We know from research that the factor that has the greatest impact on student learning is the quality of the teaching. Time and hard work are needed to implement instruction that is consistently of the highest quality. A new look at the structure of school day and school year are needed to create this time for teachers to plan and implement quality instruction.
Agreed - "data-driven, integrated, and differentiated to meet student needs". I'd add up-to-date. Despite the certification stuff, it seems assumed that teachers master their subject once, put a little ornamentation on it from time to time, but esentially they don't need to review, revise, reframe, renew, nor do they need to become familiar with new techniques of research, presentation and communication. What rubbish!
In one of the most complex real-world tasks ever conceived (which is what I regard teaching as), teachers need time to to develop. Many will take that themselves, at the cost of their families. Teachers need time to implement new modes of learning, new modes of community.
Teachers need time to review the teaching of their subject, the psychologies of children. It's all very well that I have mastered mathematics, say. But it's another thing to have mastered the teaching of mathematics, have understood the various and varied conceptual stumbling blocks, have strategies to challenge, repair or replace misconceptions of the subject/s.
After a while, more is less. More face to face creates higher drudge levels, greater disconnection and disaffection and defeat not only amongst students, but also amongst teachers.
And, whilst it may be simple to blame teachers in a broad-brush tar-and-feather style, the fact is that it's largely the group of teachers you've already got who will be the group of teachers to transform educational outcomes. (or is there a a hidden cohort of 94000 US teachers poised, and ready to take over?)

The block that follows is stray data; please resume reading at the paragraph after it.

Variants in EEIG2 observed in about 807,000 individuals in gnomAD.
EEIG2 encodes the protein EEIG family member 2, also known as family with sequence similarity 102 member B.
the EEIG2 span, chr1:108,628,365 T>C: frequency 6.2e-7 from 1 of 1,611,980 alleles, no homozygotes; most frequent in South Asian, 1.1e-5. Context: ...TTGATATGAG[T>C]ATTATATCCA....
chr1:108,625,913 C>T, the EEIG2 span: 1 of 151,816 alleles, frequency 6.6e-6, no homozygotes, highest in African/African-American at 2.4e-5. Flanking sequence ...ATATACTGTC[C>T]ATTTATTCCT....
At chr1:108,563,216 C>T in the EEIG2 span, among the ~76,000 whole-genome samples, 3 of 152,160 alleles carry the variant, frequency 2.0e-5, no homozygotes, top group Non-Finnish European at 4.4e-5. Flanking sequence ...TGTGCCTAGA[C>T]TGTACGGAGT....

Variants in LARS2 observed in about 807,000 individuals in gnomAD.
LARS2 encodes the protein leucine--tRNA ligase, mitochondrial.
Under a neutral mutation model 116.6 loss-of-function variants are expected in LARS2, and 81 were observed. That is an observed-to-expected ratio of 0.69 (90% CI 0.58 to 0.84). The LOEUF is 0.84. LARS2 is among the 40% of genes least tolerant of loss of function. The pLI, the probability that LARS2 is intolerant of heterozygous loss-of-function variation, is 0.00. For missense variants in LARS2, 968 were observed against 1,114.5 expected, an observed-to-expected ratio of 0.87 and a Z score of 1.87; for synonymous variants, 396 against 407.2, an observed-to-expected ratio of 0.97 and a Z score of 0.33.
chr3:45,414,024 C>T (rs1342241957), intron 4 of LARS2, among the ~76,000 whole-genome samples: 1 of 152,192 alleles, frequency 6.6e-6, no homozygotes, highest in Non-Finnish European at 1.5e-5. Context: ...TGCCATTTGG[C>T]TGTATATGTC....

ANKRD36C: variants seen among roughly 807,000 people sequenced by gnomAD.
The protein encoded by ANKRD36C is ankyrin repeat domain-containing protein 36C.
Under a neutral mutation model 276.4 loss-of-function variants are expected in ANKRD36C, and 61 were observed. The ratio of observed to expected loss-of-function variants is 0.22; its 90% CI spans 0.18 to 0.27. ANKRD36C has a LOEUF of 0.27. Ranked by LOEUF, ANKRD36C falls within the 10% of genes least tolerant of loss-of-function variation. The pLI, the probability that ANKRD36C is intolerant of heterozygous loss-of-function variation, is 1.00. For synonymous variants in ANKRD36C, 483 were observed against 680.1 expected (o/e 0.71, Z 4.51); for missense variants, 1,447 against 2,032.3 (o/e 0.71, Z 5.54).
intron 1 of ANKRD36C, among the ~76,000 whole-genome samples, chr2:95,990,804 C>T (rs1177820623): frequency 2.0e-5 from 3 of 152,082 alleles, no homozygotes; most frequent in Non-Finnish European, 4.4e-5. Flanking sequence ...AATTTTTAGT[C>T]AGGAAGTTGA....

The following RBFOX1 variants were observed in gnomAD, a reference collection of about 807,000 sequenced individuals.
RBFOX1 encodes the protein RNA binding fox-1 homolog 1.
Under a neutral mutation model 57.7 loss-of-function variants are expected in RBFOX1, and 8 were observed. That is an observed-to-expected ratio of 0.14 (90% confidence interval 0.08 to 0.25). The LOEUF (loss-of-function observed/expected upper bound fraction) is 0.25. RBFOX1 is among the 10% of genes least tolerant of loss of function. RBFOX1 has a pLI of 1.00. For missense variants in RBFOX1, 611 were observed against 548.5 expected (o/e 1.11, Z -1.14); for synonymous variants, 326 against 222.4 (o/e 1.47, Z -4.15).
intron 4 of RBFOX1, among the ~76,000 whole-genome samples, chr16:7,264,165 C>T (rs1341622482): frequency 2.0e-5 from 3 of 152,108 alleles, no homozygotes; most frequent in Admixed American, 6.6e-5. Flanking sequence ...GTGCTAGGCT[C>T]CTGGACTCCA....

Quality out-of-class time is needed for quality in-class teachers. (Oh, and I don't mean out-of-class time that's wholly locked up in formal programs: quality time can well be time reading, time talking, time 'playing' with computer tools, projectors, IWB's, motion sensors, video recording of experimental data...)
I agree with you Kay, that expanding opportunities for high quality professional development is key to strengthening and expanding the teaching force.
Online professional development is one important way to do this, because it enables anytime/any place access to courses, instructors, colleagues and resources that may not be available locally or conveniently. It also provides an important opportunity to follow-up face-to-face professional development with ongoing learning and support. Because online professional development can be extended over time, it allows educators to build strong learning communities and engage in deep, reflective discussions which as you say, are critical elements of effective professional development. This important form of technology enhanced professional development also prepares teachers to bring 21st century skills into the classroom and to be prepared for how educational models are changing.
I would like to see the new administration support increased opportunities for online learning for teachers (and also for students).